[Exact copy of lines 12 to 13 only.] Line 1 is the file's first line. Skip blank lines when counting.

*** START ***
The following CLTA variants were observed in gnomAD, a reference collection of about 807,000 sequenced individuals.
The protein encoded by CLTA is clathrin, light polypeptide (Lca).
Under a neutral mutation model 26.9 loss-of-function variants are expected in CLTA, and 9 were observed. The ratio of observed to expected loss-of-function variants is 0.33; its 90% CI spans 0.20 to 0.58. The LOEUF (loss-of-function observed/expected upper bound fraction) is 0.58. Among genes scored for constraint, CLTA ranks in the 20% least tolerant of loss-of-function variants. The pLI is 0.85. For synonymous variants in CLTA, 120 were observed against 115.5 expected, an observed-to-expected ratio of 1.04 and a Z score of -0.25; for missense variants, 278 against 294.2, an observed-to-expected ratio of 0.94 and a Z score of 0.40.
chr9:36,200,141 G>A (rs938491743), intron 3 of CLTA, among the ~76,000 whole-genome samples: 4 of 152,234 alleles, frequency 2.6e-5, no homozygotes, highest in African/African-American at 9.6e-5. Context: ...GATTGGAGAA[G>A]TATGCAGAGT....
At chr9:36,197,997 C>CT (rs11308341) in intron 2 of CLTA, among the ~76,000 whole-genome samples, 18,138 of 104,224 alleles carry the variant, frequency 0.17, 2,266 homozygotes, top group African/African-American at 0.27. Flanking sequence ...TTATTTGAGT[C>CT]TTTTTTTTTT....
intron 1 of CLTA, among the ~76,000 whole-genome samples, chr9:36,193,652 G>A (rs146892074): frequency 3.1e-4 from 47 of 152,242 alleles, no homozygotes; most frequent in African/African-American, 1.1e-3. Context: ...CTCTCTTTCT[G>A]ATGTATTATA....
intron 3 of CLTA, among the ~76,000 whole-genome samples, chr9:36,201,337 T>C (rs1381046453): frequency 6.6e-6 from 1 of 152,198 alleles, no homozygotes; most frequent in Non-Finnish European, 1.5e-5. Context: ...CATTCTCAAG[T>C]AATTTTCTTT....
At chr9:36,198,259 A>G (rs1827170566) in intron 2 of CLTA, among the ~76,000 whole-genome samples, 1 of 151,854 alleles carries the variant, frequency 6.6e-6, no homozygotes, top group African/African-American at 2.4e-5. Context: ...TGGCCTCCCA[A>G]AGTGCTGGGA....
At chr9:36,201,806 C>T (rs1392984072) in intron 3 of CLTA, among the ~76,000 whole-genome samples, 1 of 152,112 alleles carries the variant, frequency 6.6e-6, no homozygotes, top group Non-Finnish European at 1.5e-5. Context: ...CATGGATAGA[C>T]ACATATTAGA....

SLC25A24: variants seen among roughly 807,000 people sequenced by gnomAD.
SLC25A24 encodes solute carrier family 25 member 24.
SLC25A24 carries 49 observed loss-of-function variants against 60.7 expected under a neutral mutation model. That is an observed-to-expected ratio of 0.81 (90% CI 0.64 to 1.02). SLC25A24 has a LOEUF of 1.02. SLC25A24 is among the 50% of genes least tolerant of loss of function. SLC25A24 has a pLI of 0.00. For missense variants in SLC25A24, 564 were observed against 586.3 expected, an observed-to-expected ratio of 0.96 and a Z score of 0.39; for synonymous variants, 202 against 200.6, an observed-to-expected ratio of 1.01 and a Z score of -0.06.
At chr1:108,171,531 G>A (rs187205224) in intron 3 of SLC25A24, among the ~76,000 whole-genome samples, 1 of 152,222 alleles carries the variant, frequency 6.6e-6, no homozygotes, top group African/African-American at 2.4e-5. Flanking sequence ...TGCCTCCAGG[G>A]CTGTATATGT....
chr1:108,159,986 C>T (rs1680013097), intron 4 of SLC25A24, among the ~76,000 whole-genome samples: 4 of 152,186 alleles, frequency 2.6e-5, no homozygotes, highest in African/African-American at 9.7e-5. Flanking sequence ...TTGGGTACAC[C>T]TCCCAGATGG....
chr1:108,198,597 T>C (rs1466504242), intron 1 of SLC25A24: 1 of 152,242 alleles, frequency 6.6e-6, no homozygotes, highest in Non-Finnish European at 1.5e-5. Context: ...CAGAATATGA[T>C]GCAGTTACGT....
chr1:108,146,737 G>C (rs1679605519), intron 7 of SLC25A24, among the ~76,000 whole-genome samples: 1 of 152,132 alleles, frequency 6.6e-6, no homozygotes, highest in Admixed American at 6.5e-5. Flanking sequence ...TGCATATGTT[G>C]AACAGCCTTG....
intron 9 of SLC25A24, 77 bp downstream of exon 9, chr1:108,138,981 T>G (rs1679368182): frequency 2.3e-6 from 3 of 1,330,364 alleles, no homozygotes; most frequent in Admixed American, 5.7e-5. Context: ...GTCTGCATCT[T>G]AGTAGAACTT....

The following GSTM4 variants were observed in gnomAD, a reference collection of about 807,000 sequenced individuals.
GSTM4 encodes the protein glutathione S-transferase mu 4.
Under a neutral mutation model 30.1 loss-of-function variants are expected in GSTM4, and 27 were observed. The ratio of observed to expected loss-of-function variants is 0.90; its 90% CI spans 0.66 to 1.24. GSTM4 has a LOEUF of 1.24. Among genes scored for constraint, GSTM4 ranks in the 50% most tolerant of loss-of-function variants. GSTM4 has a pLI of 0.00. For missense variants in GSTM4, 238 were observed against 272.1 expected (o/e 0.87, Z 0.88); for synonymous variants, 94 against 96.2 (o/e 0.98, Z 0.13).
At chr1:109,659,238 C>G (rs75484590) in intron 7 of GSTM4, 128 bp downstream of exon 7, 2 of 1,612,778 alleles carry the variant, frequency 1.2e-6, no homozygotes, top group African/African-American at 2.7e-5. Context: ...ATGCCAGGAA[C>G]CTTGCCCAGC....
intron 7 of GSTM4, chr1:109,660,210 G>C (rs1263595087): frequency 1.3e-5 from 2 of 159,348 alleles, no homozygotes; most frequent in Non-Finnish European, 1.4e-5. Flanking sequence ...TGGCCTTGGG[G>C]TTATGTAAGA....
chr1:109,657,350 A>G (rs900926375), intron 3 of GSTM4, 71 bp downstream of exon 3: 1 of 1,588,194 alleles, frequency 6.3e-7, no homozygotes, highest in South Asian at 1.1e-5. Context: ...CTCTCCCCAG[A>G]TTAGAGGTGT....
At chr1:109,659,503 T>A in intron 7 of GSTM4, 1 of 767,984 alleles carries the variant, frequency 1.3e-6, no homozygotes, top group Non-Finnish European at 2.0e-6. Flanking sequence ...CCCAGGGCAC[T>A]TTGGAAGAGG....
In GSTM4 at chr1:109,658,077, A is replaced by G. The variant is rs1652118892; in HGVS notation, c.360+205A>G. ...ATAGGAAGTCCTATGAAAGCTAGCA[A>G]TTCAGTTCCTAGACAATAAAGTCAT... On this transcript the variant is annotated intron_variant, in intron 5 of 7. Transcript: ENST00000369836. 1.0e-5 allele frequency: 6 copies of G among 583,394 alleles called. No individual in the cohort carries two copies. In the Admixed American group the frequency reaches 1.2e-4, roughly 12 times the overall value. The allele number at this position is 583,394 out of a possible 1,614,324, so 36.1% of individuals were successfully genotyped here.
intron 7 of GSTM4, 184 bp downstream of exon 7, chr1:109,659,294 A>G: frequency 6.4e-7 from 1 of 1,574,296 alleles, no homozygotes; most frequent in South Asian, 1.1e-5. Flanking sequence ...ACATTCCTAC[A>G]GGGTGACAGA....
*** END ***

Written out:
SLC25A24 carries 49 observed loss-of-function variants against 60.7 expected under a neutral mutation model. That is an observed-to-expected ratio of 0.81 (90% CI 0.64 to 1.02). SLC25A24 has a LOEUF of 1.02. SLC25A24 is among the 50% of genes least tolerant of loss of function. SLC25A24 has a pLI of 0.00. For missense variants in SLC25A24, 564 were observed against 586.3 expected, an observed-to-expected ratio of 0.96 and a Z score of 0.39; for synonymous variants, 202 against 200.6, an observed-to-expected ratio of 1.01 and a Z score of -0.06.
At chr1:108,171,531 G>A (rs187205224) in intron 3 of SLC25A24, among the ~76,000 whole-genome samples, 1 of 152,222 alleles carries the variant, frequency 6.6e-6, no homozygotes, top group African/African-American at 2.4e-5. Flanking sequence ...TGCCTCCAGG[G>A]CTGTATATGT....